In defense of the messy first draft

Will Kelly
3 min readMay 13, 2024

The longer I work as a writer, the more I believe in what I fondly call the messy first draft. Creating technical and marketing content that resonates with readers takes iteration, not prestidigitation.

A messy first draft frees you from the artificial constraints of perfectionism. Another benefit is that a messy first draft can be a platform for discussion and further thoughts. If you write with collaborators, MS Word comments and track changes or Suggestions in Google Docs can help you discuss the direction of your content. I’ve come up against micromanagers and so-called perfectionists, not to mention “look at me, look at me, I’m smart” thought leaders who looked down on drafts. Each of them tried to nail content on the first draft. Still, the project only wound up with content delivery locked in an infinite loop until the original topic of the content became obsolete and irrelevant to the market, never to see the light of day.

It took me a while to see it, but there’s a risk to some personality types when you start with a messy first draft with errors and open questions that need addressing. I once worked with a very senior-level cloud team on a major corporate content initiative. These solution architects were in demand and always billable. The content project was an overhead initiative. To make the most of their limited availability, I had to write messy drafts and then ask them questions using MS Word’s Comment feature. There was no way to reach a final draft without doing this step.

During this time, I also coined the term bringing them the answer because the messy drafts I was sharing with them often included my attempts to answer some of the gaps in the cloud content. There were times I was incorrect in what I wrote. It was easy enough to delete. Then again, there were times I was correct, while other times required some extra tweaking.

Using a messy first draft maximizes my limited time with the team. The strategy also gave me a real self-directed education about cloud computing, which I needed at that point in my career.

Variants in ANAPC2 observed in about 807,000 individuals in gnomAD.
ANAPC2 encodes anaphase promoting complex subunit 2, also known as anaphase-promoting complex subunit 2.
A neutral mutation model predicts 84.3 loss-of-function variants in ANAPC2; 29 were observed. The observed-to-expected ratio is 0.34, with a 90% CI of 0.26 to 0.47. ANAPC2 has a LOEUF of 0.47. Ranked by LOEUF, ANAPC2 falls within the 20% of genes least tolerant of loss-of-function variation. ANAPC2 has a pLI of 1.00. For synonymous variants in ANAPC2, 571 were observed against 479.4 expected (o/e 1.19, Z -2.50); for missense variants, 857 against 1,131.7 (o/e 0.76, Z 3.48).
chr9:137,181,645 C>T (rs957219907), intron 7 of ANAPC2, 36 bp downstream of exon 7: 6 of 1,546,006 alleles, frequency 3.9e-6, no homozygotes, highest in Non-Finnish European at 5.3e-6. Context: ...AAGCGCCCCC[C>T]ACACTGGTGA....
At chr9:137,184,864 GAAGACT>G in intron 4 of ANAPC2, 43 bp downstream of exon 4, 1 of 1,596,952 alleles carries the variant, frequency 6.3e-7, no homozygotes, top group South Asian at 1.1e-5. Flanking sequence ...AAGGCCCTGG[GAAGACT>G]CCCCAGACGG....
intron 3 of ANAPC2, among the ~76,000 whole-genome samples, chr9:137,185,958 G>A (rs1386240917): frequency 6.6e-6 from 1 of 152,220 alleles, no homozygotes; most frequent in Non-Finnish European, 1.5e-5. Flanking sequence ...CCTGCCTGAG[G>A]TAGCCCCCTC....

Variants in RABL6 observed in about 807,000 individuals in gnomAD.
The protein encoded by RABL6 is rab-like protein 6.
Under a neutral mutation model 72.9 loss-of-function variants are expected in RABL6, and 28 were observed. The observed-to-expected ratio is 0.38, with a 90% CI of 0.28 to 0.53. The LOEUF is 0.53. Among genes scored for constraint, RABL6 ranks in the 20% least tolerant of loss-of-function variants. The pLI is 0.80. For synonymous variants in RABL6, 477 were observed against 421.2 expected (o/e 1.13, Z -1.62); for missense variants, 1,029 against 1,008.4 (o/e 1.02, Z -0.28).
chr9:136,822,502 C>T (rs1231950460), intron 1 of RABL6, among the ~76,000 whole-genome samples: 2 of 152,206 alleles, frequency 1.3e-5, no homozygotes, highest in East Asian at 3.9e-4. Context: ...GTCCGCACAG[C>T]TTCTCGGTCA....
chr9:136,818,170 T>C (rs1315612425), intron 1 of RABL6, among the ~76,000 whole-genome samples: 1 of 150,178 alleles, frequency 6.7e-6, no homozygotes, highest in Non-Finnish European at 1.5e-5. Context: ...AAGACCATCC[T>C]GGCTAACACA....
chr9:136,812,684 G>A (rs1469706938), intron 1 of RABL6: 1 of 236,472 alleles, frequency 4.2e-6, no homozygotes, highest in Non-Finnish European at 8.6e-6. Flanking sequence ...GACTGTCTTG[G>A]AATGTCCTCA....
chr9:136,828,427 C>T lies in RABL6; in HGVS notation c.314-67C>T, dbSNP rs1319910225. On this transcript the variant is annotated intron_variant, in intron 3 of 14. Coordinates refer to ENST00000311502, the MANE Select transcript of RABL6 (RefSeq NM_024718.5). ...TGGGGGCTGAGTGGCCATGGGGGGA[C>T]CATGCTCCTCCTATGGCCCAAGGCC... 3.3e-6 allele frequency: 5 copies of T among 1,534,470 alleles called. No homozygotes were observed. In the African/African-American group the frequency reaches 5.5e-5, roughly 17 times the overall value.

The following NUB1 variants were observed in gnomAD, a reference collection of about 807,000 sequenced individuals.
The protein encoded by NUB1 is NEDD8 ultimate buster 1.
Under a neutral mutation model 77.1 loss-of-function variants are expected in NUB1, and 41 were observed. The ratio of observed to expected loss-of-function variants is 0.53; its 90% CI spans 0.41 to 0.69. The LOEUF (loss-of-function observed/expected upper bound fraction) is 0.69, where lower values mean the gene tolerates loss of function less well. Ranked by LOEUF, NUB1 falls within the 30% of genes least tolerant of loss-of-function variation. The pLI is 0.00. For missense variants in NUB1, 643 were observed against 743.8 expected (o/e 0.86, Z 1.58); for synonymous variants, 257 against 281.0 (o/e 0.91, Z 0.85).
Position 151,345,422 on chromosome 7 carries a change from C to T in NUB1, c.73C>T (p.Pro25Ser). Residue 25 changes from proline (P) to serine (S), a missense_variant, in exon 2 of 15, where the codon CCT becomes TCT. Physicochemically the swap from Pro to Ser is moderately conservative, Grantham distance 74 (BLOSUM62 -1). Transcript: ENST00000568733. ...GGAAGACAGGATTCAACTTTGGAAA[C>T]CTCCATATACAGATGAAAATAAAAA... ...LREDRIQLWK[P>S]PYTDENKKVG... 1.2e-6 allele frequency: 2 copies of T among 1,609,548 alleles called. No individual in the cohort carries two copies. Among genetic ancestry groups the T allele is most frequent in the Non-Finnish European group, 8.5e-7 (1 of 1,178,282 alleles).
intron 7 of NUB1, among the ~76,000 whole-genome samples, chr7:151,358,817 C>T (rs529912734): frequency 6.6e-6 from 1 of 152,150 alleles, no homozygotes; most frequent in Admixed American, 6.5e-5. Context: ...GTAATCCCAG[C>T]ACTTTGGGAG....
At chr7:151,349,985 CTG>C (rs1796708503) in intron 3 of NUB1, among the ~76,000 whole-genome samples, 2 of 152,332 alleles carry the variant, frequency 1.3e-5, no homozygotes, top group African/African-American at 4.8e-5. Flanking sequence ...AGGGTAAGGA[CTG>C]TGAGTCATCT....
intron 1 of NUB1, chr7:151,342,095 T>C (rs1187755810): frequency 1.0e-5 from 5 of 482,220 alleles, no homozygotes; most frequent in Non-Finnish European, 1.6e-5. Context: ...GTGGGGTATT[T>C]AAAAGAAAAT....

I’ve had some experience coaching people who aren’t writers by trade. When it comes to writing technical and marketing content, their paralysis by analysis can be intense and even an immovable force with some. The power of a messy first draft can help these people gather their ideas and share them with others for refinement.

Platforms such as Notion and Google Workspace make iterating on content even easier for distributed project teams. However, it does take some culture change to make it work. For example, positive and uplifting environments can make messy drafts work to their advantage. More collaborative teams also do better. On the other hand, command and control environments will lose the draft in the gray underbelly of micromanagement and irrelevance as market trends move past content stuck in a never-ending review cycle.

Tools such as Grammarly, Draftsmith, and Perfect-It make it even easier to use a messy first draft as a launching pad for drafts that expound further on what you learn from your collaborators and stakeholders.

Will Kelly is a writer and content strategist focused on cloud, DevOps, and end-user computing. He’s a keen observer of the IT industry, especially the role of humans in the success and failure of product launches and startups. Will has written about the cloud, DevOps, end-user computing, and AI for TechTarget, InfoWorld, and other popular sites. His professional career includes product marketing, technical marketing, and writing in the B2B and B2G markets. Follow him on Twitter: @willkelly. Check out his writing portfolio: authory.com/willkelly.

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